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2 September 2015
Launch of the Flagship on Critical Thought in African Humanities
2:00 pm - 5:30 pm  Colloquium: The Humanities and its Publics
6:00 pm - 9:00 pmPublic Launch of the Flagship on Critical Thought in African Humanities with Minister Naledi Pandor

Performances by; 

Handspring Puppet Co., 

Ukwanda Puppet Co. and 

the Reza Khota Quartet.

 Statement on the DST-NRF Flagship

The Flagship on Critical Thought in African Humanities of the Centre for Humanities Research (CHR) at the University of the Western Cape (UWC) constitutes an arena for scholarly exchange, artistic creation and public inquiry into African political subjectivity, art and society, and technology and the human. The Flagship is designed to host scholars and students from South African universities, public institutions and national and international research bodies in a collaborative initiative to forge the next generation of humanities scholars, committed to the demands of building a post-apartheid South Africa.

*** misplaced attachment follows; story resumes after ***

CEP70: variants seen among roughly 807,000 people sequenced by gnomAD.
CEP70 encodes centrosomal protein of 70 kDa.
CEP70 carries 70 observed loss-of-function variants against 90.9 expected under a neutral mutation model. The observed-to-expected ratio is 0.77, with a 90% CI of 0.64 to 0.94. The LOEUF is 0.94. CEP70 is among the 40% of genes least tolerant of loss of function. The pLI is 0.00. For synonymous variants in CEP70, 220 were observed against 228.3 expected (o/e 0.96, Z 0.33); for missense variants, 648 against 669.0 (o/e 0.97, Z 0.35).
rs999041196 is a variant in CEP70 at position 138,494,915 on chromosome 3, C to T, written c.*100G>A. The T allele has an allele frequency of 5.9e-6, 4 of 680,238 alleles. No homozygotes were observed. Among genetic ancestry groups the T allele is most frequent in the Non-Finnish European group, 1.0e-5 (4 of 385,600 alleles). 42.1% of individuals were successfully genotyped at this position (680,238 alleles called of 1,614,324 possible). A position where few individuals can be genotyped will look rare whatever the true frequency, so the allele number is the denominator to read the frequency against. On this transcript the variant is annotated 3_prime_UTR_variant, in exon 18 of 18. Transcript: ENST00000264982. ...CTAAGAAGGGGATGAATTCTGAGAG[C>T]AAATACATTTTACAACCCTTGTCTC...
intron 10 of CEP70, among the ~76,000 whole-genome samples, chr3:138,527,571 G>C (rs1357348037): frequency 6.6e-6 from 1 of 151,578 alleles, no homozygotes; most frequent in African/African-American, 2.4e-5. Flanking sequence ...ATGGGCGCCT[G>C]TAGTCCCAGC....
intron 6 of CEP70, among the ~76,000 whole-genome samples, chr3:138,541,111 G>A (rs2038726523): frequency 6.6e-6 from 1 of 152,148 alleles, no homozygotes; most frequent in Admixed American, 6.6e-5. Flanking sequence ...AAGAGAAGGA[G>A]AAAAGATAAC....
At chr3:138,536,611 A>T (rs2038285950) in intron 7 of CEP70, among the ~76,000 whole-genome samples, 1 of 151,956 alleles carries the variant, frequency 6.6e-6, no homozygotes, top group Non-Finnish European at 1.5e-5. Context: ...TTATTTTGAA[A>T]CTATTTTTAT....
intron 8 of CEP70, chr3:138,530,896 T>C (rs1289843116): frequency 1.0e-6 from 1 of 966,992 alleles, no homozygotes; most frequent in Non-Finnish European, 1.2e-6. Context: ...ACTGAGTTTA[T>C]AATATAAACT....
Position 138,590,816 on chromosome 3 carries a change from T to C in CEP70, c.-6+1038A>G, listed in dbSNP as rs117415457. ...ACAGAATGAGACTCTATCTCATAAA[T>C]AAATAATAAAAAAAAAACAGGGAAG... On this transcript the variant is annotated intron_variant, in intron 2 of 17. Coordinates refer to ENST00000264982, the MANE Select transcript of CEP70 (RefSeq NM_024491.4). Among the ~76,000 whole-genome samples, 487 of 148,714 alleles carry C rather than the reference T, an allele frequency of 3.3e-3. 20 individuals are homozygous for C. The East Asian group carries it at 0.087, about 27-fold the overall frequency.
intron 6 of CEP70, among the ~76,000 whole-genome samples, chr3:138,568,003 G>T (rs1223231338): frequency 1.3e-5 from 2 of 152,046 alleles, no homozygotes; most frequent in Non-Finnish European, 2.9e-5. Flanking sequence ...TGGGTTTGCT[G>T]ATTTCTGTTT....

Located in the Centre for Humanities Research, the flagship is founded on three research thematics: Aesthetic Education, the Becoming Technical of the Human, and Migrating Violence. To enhance public engagement, the Flagship will convene a public lecture series in Athlone, Cape Town, and establish a Factory of the Arts in the former District Six, an area of forced removals in Cape Town. 

Taking as its vantage a perspective from the South as indispensable for the reconstitution of the humanities globally, this project draws lessons for the post-apartheid by being alert to how an African humanities and postcolonial criticism mediates our understanding of what it means to be human in a technologically transforming world. Specifically, the Flagship works in a unique approach towards an idea of the "post-apartheid" that marks a departure from apartheid’s constructions of difference, while opening a space to re-imagine a future beyond the race, class, and gender cleavages that continue to bedevil South African society. 

The proposed formation of the Dullah Omar Centre for Critical Thought in African Humanities (DOCCTAH) and the Factory of the Arts will work in conjunction with a range of humanities centres and institutes locally and internationally towards reigniting interest in the humanities in a pedagogical project aimed at nurturing future generations of educators and art practitioners in South Africa. By locating a humanities inquiry in areas where apartheid encountered a specific limit, the Flagship will strive to enhance the critical potential of the humanities in South Africa and beyond.